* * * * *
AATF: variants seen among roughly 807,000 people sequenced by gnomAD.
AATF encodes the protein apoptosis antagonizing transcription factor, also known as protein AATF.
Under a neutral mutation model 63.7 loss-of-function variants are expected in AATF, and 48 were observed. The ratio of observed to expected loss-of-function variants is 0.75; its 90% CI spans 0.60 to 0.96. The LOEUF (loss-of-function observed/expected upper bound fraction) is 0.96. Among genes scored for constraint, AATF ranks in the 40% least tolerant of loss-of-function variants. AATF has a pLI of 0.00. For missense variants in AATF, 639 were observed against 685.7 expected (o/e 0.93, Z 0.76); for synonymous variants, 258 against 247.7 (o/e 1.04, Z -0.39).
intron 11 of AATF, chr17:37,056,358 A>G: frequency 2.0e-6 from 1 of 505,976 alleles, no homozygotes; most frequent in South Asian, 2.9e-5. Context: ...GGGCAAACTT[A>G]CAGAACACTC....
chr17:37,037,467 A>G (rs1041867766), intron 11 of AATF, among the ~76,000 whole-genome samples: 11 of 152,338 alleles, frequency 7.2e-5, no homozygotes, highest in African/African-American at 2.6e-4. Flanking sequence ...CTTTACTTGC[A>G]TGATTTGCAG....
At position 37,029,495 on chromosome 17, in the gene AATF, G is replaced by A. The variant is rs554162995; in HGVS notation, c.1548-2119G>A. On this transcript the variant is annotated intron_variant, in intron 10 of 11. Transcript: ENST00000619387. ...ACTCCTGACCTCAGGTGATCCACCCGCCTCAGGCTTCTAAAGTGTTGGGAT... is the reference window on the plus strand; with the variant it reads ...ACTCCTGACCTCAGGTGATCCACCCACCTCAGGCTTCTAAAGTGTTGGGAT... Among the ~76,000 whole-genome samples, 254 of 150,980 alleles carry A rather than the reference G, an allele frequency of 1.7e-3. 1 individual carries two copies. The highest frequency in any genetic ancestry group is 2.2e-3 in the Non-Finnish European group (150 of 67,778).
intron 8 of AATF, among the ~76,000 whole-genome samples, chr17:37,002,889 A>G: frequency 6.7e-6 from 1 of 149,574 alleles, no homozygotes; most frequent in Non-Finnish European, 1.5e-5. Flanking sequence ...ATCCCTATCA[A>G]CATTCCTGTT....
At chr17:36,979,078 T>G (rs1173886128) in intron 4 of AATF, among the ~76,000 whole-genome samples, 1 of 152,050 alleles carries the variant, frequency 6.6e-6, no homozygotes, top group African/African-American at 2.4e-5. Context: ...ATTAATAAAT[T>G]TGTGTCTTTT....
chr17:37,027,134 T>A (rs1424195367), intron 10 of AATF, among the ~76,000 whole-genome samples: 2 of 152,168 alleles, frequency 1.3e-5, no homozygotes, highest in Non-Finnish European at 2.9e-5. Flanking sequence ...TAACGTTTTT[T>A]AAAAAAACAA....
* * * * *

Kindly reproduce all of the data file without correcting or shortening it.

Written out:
AATF: variants seen among roughly 807,000 people sequenced by gnomAD.
AATF encodes the protein apoptosis antagonizing transcription factor, also known as protein AATF.
Under a neutral mutation model 63.7 loss-of-function variants are expected in AATF, and 48 were observed. The ratio of observed to expected loss-of-function variants is 0.75; its 90% CI spans 0.60 to 0.96. The LOEUF (loss-of-function observed/expected upper bound fraction) is 0.96. Among genes scored for constraint, AATF ranks in the 40% least tolerant of loss-of-function variants. AATF has a pLI of 0.00. For missense variants in AATF, 639 were observed against 685.7 expected (o/e 0.93, Z 0.76); for synonymous variants, 258 against 247.7 (o/e 1.04, Z -0.39).
intron 11 of AATF, chr17:37,056,358 A>G: frequency 2.0e-6 from 1 of 505,976 alleles, no homozygotes; most frequent in South Asian, 2.9e-5. Context: ...GGGCAAACTT[A>G]CAGAACACTC....
chr17:37,037,467 A>G (rs1041867766), intron 11 of AATF, among the ~76,000 whole-genome samples: 11 of 152,338 alleles, frequency 7.2e-5, no homozygotes, highest in African/African-American at 2.6e-4. Flanking sequence ...CTTTACTTGC[A>G]TGATTTGCAG....
At position 37,029,495 on chromosome 17, in the gene AATF, G is replaced by A. The variant is rs554162995; in HGVS notation, c.1548-2119G>A. On this transcript the variant is annotated intron_variant, in intron 10 of 11. Transcript: ENST00000619387. ...ACTCCTGACCTCAGGTGATCCACCCGCCTCAGGCTTCTAAAGTGTTGGGAT... is the reference window on the plus strand; with the variant it reads ...ACTCCTGACCTCAGGTGATCCACCCACCTCAGGCTTCTAAAGTGTTGGGAT... Among the ~76,000 whole-genome samples, 254 of 150,980 alleles carry A rather than the reference G, an allele frequency of 1.7e-3. 1 individual carries two copies. The highest frequency in any genetic ancestry group is 2.2e-3 in the Non-Finnish European group (150 of 67,778).
intron 8 of AATF, among the ~76,000 whole-genome samples, chr17:37,002,889 A>G: frequency 6.7e-6 from 1 of 149,574 alleles, no homozygotes; most frequent in Non-Finnish European, 1.5e-5. Flanking sequence ...ATCCCTATCA[A>G]CATTCCTGTT....
At chr17:36,979,078 T>G (rs1173886128) in intron 4 of AATF, among the ~76,000 whole-genome samples, 1 of 152,050 alleles carries the variant, frequency 6.6e-6, no homozygotes, top group African/African-American at 2.4e-5. Context: ...ATTAATAAAT[T>G]TGTGTCTTTT....
chr17:37,027,134 T>A (rs1424195367), intron 10 of AATF, among the ~76,000 whole-genome samples: 2 of 152,168 alleles, frequency 1.3e-5, no homozygotes, highest in Non-Finnish European at 2.9e-5. Flanking sequence ...TAACGTTTTT[T>A]AAAAAAACAA....